After the scanning is over, you can work with the library. You can play and sort the files, create playlists and even burn VideoCDs, Super VideoCDs and DVDs (use the Create Media Layout function for that). Alas, the program was not stable when working with the burn-ready projects: it generated an error message and closed down several times. The library keeps a statistics entry for each file telling you how many times this file has been watched and the time of the last access.
I guess the MMC Library will come in handy for owners of huge video and audio collections. If your collection is on the hard disk, this program can make your life easier, but you are unlucky if you have it on CD and DVD disks. :)
So, the ATI Multimedia Center is really an indispensable portion of the GeXcube ALL-IN-WONDER 9600 Pro multimedia combo: the software suite comprises all of its functions. It is not free from a few drawbacks, but anyway allows using the entire features range of this product.
Since the GeXcube ALL-IN-WONDER 9600 Pro is a multimedia combo, its performance in 3D applications is not the guiding factor when you are considering this purchase, although it is still an important one. The memory of this card works at a higher frequency than that of the ordinary RADEON 9600 PRO cards, so I expected the performance of the GeXcube to be higher, especially in high resolutions. I have run a full cycle of gaming tests to offer you the results:
The miracle hasn’t happen. Notwithstanding the higher memory frequency, the difference in performance never exceeded 1-3 frames per second. Overclocking improved the situation a little: I notched 490MHz/720MHz frequencies, but with an additional powerful 120mm fan. I would like to warn you against overclocking the GeXcube ALL-IN-WONDER 9600 Pro without additional cooling. Otherwise, you will be running the risk of damaging the card. The standard cooler is too weak for this experiment.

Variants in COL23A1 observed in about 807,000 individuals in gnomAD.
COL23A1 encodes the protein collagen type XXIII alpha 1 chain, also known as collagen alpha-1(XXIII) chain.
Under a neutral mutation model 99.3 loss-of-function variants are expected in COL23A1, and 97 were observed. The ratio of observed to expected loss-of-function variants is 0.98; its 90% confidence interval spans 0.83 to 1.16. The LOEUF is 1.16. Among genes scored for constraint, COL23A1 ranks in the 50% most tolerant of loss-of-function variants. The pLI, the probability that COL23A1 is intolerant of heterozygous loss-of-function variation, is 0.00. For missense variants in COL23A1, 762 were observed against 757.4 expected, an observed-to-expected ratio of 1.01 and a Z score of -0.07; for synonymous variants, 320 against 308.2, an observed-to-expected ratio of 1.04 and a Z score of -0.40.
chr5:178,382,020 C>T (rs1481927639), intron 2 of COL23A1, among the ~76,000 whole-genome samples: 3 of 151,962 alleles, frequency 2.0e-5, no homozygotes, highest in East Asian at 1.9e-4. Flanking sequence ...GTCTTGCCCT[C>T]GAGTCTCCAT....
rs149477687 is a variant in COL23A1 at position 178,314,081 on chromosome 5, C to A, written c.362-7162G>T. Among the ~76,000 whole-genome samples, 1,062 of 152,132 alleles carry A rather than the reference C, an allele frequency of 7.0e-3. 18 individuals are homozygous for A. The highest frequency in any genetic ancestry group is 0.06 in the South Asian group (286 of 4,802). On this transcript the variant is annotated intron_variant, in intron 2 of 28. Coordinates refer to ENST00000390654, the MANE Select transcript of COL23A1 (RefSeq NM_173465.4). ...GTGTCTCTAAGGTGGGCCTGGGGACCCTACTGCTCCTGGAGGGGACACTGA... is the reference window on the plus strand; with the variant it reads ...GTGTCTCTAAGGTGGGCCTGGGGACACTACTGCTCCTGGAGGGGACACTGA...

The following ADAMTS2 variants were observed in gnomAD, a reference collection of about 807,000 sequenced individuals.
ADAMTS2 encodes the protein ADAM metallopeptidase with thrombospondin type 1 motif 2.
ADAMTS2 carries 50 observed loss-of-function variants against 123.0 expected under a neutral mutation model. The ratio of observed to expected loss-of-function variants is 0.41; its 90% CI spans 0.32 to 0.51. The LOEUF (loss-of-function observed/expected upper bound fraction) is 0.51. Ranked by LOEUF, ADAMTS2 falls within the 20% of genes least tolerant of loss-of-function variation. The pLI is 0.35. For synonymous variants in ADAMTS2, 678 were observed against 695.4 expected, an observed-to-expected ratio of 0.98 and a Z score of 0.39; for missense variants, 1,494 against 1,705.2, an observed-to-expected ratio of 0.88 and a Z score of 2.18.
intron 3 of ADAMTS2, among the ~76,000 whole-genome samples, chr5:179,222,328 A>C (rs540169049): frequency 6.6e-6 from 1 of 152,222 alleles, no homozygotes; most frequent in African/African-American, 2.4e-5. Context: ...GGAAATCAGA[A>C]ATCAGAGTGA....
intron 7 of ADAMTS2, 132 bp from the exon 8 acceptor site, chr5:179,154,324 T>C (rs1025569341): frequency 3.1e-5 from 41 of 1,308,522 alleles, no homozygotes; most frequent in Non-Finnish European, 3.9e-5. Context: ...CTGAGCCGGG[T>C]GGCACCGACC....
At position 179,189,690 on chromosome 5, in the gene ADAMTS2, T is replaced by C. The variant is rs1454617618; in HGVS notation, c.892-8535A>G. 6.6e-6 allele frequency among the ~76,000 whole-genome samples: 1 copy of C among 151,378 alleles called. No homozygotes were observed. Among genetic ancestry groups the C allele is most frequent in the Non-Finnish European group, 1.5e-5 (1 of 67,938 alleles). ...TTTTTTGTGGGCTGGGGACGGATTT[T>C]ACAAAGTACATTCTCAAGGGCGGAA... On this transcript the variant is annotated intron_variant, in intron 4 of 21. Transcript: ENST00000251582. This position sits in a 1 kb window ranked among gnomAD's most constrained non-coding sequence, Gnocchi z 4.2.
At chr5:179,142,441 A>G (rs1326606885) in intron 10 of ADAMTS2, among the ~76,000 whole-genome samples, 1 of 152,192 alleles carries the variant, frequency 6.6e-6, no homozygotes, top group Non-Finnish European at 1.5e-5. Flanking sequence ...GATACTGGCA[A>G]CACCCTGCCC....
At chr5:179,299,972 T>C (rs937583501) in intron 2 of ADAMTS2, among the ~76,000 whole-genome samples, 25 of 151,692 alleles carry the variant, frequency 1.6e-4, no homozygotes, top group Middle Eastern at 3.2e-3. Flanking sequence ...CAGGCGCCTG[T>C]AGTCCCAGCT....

The multimedia GeXcube ALL-IN-WONDER 9600 Pro combo proved to be a good product with numerous attractive features. Alas, there is always a fly in the ointment. The card is not free from a few drawbacks that need to be mentioned.
My biggest concern is the audio tract of the card. The level of pickups and noise it too high to be acceptable. Add to that the low sensitivity of the TV-tuner, resulting in a degradation of the received image. These are two main complaints about the hardware part of the product.
As for the software, it does what it has been written for, although minor errors would still occur. I also want to express my regret about the ATI FM Radio missing in the current version of the software bundle.
The performance of the GeXcube ALL-IN-WONDER 9600 Pro is up to the mark: the card will suit both gamers and multimedia fans. Coming at $249 (recommended price), this product is probably the best choice for a user who’s into multimedia and fast 3D. Overclockers, on the contrary, should look somewhere else, as the cooling system of the GeXcube ALL-IN-WONDER 9600 Pro won’t stand your cruel experiments!
Basing on the criteria, formulated at the beginning of the review, I would say that this product is not perfect for a business user. Notwithstanding its wide functionality, the card doesn’t support monitors with the digital (DVI-I) interface that are often used in a modern office. Otherwise, this card meets the demands of this user group.
As for a home user, there is only one serious flaw: the package doesn’t include a remote control unit. The thing is indispensable for those of us who like to control the multimedia combo from a soft sofa ;). However, you shouldn’t forget that I talked about the OEM-version of the product, while the retail version is sure to have a remote control unit with it. The high quality of the TV-out, typical of all cards on ATI VPUs, allows using this product with TV-sets. The owners of HDTV-receivers can also order a special D-Sub-to-YPbPr adapter on the ATI website to attach the receiver to the card.
So, here’s my verdict: the GeXcube ALL-IN-WONDER 9600 Pro is the best multifunctional combo now produced, capable of outputting the picture onto two monitors, boasting high performance, although not free from certain drawbacks. I hope the drawbacks will be corrected in the future versions of the product.